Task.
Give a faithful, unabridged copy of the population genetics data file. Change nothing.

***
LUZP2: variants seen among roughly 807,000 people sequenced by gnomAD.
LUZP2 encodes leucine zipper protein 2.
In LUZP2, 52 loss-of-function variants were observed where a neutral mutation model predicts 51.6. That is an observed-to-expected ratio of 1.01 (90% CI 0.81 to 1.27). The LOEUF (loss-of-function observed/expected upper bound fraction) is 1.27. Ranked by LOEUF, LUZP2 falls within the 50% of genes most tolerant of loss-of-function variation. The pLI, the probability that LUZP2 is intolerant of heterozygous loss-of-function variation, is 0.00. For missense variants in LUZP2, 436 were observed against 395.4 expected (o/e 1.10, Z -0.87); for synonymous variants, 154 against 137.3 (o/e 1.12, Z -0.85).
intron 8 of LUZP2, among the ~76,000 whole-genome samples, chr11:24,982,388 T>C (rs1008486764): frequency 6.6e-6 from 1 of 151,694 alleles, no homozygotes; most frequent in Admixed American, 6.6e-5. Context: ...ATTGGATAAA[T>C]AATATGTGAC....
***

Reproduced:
LUZP2: variants seen among roughly 807,000 people sequenced by gnomAD.
LUZP2 encodes leucine zipper protein 2.
In LUZP2, 52 loss-of-function variants were observed where a neutral mutation model predicts 51.6. That is an observed-to-expected ratio of 1.01 (90% CI 0.81 to 1.27). The LOEUF (loss-of-function observed/expected upper bound fraction) is 1.27. Ranked by LOEUF, LUZP2 falls within the 50% of genes most tolerant of loss-of-function variation. The pLI, the probability that LUZP2 is intolerant of heterozygous loss-of-function variation, is 0.00. For missense variants in LUZP2, 436 were observed against 395.4 expected (o/e 1.10, Z -0.87); for synonymous variants, 154 against 137.3 (o/e 1.12, Z -0.85).
intron 8 of LUZP2, among the ~76,000 whole-genome samples, chr11:24,982,388 T>C (rs1008486764): frequency 6.6e-6 from 1 of 151,694 alleles, no homozygotes; most frequent in Admixed American, 6.6e-5. Context: ...ATTGGATAAA[T>C]AATATGTGAC....